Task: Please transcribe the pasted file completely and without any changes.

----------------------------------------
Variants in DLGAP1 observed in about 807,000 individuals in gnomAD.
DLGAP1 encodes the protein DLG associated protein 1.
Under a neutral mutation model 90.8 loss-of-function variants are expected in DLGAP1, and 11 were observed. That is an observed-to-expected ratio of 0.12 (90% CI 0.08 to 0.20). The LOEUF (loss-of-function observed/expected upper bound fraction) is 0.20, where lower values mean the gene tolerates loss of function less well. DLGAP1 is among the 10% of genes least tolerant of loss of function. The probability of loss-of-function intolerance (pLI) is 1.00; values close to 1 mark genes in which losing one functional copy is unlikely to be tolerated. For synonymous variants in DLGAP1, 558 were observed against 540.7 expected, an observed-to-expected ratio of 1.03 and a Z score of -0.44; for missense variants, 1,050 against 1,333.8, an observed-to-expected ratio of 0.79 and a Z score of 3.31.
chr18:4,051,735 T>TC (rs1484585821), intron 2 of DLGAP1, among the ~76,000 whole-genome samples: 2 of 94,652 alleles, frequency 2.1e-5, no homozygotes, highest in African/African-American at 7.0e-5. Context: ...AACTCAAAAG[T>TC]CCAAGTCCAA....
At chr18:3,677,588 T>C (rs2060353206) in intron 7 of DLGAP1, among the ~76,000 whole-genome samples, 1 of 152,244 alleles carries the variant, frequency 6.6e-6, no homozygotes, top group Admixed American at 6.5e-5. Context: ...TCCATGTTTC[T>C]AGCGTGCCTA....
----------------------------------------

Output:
Variants in DLGAP1 observed in about 807,000 individuals in gnomAD.
DLGAP1 encodes the protein DLG associated protein 1.
Under a neutral mutation model 90.8 loss-of-function variants are expected in DLGAP1, and 11 were observed. That is an observed-to-expected ratio of 0.12 (90% CI 0.08 to 0.20). The LOEUF (loss-of-function observed/expected upper bound fraction) is 0.20, where lower values mean the gene tolerates loss of function less well. DLGAP1 is among the 10% of genes least tolerant of loss of function. The probability of loss-of-function intolerance (pLI) is 1.00; values close to 1 mark genes in which losing one functional copy is unlikely to be tolerated. For synonymous variants in DLGAP1, 558 were observed against 540.7 expected, an observed-to-expected ratio of 1.03 and a Z score of -0.44; for missense variants, 1,050 against 1,333.8, an observed-to-expected ratio of 0.79 and a Z score of 3.31.
chr18:4,051,735 T>TC (rs1484585821), intron 2 of DLGAP1, among the ~76,000 whole-genome samples: 2 of 94,652 alleles, frequency 2.1e-5, no homozygotes, highest in African/African-American at 7.0e-5. Context: ...AACTCAAAAG[T>TC]CCAAGTCCAA....
At chr18:3,677,588 T>C (rs2060353206) in intron 7 of DLGAP1, among the ~76,000 whole-genome samples, 1 of 152,244 alleles carries the variant, frequency 6.6e-6, no homozygotes, top group Admixed American at 6.5e-5. Context: ...TCCATGTTTC[T>C]AGCGTGCCTA....